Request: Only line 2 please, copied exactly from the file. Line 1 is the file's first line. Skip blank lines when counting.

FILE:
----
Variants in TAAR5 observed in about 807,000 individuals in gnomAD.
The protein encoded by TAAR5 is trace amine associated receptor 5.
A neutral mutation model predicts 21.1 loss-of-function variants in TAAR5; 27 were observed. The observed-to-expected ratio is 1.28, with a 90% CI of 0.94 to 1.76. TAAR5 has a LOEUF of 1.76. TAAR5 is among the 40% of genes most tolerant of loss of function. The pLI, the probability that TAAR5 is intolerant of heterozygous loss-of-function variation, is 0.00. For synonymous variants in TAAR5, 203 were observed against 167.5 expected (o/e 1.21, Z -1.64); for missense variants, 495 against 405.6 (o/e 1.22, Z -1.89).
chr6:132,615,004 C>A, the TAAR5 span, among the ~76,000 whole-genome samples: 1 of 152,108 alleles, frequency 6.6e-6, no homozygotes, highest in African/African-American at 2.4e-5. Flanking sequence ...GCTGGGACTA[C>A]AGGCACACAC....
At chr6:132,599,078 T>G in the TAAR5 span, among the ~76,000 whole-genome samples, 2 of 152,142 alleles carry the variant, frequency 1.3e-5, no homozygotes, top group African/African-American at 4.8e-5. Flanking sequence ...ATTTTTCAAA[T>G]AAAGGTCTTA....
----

The protein encoded by TAAR5 is trace amine associated receptor 5.